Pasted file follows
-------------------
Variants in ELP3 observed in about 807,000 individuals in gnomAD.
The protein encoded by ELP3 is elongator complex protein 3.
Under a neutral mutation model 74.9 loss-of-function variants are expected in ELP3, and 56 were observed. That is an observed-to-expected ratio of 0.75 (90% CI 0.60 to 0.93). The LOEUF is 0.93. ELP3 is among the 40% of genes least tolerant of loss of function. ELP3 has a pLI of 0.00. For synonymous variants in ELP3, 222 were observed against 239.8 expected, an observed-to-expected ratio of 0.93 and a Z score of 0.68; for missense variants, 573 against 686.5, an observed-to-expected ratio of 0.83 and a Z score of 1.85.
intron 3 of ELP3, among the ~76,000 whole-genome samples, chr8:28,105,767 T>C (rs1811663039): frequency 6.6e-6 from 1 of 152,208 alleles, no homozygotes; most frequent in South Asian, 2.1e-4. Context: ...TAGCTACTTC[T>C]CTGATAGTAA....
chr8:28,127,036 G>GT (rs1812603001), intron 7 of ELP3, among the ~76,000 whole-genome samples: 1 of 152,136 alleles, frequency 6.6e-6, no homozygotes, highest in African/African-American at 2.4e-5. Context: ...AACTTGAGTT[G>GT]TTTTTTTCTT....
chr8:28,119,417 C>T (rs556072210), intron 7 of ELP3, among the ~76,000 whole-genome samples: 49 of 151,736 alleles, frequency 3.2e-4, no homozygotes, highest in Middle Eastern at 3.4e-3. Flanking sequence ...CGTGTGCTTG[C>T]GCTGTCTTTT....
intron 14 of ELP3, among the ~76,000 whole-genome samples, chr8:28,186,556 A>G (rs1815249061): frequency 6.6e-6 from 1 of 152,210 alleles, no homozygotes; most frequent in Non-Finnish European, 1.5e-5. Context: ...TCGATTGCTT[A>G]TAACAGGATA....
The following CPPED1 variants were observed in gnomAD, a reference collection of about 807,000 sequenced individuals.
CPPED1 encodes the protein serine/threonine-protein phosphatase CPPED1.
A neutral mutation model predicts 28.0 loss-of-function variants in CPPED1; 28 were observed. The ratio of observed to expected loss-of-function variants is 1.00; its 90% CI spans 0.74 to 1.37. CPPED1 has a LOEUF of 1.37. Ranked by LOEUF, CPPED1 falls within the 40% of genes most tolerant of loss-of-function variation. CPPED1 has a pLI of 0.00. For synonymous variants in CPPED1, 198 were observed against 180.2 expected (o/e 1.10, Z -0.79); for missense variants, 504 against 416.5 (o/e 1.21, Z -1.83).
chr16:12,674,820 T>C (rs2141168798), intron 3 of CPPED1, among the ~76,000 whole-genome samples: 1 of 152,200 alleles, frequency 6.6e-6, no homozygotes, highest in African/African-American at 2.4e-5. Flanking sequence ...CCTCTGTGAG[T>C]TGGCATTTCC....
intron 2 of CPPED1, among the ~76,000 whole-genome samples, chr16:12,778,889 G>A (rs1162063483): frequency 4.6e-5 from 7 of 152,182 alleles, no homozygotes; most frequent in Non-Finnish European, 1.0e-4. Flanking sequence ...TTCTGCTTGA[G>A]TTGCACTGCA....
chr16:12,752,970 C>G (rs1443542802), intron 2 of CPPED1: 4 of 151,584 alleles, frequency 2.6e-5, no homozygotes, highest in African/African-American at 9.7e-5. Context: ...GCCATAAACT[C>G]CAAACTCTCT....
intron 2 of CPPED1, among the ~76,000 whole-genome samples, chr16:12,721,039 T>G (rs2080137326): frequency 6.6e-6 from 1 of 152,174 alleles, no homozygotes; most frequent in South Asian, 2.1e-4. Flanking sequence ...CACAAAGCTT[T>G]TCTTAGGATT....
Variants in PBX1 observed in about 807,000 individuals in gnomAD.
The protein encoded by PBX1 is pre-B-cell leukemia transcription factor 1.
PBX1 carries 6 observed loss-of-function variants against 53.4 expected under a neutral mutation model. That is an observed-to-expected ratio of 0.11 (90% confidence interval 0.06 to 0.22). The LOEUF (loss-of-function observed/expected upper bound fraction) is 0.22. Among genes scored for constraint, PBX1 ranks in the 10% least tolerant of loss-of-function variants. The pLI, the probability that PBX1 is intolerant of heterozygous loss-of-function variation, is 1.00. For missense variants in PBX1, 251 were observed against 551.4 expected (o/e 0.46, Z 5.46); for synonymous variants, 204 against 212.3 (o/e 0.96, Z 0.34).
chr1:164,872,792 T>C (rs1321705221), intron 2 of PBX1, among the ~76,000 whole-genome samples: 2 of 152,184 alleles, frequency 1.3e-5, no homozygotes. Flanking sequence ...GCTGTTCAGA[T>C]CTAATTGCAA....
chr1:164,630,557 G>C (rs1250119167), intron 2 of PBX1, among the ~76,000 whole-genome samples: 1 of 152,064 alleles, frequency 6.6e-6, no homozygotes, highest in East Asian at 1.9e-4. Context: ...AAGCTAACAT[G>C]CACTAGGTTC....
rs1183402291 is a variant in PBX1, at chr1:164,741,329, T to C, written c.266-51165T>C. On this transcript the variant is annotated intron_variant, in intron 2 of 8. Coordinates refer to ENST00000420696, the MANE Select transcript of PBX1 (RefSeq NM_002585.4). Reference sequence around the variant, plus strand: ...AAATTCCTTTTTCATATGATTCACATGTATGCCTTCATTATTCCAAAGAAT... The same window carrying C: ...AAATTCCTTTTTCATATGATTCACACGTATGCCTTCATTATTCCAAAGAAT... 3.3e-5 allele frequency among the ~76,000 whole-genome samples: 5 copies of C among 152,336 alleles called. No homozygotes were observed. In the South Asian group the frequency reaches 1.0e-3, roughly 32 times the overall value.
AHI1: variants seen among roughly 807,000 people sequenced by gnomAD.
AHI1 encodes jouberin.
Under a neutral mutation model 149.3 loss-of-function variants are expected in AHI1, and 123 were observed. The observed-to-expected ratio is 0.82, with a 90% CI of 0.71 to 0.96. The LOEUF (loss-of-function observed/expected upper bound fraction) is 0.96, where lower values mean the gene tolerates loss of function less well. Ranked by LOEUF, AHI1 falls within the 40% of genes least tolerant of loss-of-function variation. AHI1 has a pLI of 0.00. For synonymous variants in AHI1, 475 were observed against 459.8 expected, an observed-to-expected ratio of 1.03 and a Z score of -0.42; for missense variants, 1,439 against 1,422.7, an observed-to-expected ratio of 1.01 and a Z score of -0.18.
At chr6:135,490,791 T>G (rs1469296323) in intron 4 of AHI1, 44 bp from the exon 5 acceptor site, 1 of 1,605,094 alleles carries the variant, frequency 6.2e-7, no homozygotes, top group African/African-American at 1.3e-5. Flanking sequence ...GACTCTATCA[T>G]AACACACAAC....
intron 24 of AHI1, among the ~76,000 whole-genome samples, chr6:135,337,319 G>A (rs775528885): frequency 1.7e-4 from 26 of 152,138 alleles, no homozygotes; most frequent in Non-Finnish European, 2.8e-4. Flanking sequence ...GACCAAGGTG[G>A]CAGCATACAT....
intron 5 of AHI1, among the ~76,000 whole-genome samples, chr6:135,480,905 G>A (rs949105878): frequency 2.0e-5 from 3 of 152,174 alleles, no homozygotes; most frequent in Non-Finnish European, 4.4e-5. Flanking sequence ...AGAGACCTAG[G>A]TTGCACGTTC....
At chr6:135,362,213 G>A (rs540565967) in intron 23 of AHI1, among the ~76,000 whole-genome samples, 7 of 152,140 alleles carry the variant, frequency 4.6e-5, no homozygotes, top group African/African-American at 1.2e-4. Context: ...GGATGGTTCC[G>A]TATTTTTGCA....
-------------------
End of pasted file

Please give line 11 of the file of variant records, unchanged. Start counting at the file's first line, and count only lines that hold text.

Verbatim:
chr16:12,674,820 T>C (rs2141168798), intron 3 of CPPED1, among the ~76,000 whole-genome samples: 1 of 152,200 alleles, frequency 6.6e-6, no homozygotes, highest in African/African-American at 2.4e-5. Flanking sequence ...CCTCTGTGAG[T>C]TGGCATTTCC....